News ID: 263080
Published: 0124 GMT December 17, 2019

Kuwait appoints new cabinet after Parliament tension

Kuwait appoints new cabinet after Parliament tension
REUTERS

Kuwait formed a new government on Tuesday that replaced the son of the emir as defense minister and named an interior minister from outside the ruling family, a month after the former cabinet quit due to a row between members of the family and Parliament.

The oil minister of the OPEC producer retained his post while new foreign and finance ministers were named, the state news agency, KUNA, said.

Kuwait, an ally of the United States, has the most open political system among the Persian Gulf Arab states, with the Parliament wielding power to pass legislation and question ministers, although senior posts are occupied by ruling family members, according to Reuters.

Before the government stepped down last month, lawmakers sought a vote of no confidence in the interior minister as a feud emerged between senior members of the ruling family, including the interior and defense ministers, over alleged mishandling of military funds.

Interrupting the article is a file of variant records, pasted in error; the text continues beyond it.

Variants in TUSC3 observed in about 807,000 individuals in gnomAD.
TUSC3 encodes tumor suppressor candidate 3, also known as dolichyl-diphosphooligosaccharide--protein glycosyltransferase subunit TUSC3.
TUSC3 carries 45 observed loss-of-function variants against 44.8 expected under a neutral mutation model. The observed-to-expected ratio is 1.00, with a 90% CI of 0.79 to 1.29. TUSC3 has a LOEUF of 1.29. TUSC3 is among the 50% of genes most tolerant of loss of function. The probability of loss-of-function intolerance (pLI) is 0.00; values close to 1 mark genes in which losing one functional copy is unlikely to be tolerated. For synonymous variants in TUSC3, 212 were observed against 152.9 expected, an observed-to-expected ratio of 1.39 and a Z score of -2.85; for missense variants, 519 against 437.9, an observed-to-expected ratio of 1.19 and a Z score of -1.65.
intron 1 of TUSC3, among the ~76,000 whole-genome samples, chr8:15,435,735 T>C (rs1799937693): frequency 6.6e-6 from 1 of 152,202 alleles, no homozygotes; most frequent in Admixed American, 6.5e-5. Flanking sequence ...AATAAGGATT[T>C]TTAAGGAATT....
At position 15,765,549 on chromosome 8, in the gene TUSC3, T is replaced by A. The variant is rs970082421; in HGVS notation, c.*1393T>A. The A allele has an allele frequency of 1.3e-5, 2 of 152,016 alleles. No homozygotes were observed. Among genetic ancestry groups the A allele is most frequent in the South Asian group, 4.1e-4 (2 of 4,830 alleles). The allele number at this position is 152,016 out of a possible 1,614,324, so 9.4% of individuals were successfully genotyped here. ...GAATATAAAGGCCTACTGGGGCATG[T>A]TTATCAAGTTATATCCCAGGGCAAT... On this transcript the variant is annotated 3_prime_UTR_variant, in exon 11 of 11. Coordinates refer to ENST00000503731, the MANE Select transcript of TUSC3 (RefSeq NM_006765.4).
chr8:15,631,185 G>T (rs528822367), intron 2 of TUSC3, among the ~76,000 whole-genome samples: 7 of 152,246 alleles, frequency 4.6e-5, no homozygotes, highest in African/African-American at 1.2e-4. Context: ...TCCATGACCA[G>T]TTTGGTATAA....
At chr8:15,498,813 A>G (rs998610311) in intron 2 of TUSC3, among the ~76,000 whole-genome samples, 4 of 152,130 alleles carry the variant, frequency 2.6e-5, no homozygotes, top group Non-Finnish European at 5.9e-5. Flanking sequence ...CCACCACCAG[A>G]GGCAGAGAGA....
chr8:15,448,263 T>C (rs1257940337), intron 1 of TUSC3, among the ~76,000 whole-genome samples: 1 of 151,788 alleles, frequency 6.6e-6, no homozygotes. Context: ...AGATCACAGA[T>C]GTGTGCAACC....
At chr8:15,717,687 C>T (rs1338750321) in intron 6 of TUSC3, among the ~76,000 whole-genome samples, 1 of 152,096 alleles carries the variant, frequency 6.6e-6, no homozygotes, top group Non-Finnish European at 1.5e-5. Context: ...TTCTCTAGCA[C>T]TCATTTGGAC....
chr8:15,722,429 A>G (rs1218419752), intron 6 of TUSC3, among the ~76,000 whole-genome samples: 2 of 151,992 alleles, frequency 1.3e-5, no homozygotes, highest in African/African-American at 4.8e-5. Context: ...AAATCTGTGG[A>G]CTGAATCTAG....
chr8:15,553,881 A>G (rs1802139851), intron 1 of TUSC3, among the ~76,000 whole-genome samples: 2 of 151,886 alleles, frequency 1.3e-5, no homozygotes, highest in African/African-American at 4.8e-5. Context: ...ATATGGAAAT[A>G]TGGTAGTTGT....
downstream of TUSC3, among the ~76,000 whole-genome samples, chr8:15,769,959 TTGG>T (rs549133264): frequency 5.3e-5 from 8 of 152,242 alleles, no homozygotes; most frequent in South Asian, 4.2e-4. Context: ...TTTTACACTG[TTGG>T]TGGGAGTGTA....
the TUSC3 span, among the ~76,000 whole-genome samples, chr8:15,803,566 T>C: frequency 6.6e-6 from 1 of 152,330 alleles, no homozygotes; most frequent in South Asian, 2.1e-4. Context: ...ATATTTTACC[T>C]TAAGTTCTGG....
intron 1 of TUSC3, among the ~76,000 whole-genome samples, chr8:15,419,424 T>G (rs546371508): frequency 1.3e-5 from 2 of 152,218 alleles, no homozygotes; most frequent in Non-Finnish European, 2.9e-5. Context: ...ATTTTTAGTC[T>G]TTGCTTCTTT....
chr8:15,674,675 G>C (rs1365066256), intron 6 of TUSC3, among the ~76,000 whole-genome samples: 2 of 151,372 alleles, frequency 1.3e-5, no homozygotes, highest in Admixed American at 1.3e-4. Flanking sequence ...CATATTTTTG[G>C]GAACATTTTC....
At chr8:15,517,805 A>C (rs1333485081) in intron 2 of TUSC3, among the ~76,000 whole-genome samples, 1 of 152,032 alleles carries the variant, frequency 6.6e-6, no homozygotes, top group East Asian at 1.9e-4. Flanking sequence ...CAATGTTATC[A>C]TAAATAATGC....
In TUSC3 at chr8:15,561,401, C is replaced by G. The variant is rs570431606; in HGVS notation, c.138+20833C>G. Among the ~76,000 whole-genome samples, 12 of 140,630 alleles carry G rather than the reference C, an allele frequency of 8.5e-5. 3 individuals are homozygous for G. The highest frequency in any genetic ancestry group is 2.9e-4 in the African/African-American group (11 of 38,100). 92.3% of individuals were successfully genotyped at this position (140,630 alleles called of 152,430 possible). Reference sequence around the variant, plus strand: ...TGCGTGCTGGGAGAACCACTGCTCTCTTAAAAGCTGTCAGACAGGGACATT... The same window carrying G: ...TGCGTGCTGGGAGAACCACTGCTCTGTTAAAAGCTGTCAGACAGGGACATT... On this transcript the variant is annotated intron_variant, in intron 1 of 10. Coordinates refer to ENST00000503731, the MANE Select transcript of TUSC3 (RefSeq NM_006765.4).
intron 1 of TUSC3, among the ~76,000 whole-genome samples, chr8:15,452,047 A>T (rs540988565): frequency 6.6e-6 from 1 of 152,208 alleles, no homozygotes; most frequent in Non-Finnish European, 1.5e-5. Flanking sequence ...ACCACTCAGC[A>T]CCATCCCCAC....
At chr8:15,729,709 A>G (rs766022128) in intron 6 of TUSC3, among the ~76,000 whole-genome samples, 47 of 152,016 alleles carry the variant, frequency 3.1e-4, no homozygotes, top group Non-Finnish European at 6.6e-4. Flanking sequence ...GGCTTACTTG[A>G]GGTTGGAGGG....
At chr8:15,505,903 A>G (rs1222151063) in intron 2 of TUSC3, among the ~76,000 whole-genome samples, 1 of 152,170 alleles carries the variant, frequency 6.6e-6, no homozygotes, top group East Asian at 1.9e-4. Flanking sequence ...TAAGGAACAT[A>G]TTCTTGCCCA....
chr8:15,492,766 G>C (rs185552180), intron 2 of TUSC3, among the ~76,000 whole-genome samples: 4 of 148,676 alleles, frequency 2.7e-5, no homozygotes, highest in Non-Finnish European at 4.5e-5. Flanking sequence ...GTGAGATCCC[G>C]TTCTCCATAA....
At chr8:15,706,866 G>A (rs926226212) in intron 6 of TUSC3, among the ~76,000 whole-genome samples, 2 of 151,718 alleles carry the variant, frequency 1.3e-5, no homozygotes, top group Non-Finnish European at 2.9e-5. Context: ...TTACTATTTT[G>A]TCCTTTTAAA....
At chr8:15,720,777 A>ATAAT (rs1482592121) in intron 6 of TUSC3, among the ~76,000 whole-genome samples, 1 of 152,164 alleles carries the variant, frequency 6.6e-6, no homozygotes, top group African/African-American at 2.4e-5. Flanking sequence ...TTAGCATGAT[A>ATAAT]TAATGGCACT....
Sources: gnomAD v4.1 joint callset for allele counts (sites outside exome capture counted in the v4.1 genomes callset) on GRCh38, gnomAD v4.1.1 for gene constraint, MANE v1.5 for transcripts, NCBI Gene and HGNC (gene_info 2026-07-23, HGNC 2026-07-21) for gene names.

Emir Sheikh Sabah al-Ahmad al-Sabah last month tapped then foreign minister Sheikh Sabah al-Khalid al-Sabah to take over as premier and form a cabinet. The prime minister traditionally helps navigate often tense relationships between parliament and government. The emir has final say in state matters.

The key post of oil minister remained occupied by Khaled al-Fadhel, but Ahmad Mansour al-Ahmad al-Sabah was appointed defense minister, Anas Khaled Nasser al-Saleh became interior minister, and Ahmad Nasser al-Mohammad al-Sabah became foreign affairs minister.

Mariam Aqeel al-Aqeel had previously been acting minister of finance and was confirmed to that position.

Friction between the cabinet and Parliament in Kuwait has led to frequent reshuffles or the dissolution of the nation’s legislative assembly.

Power struggles between senior ruling family members have often played out in Parliament. Cabinet resignations happen frequently when elected lawmakers are set to question or submit a no-confidence vote against senior government officials.

 

   
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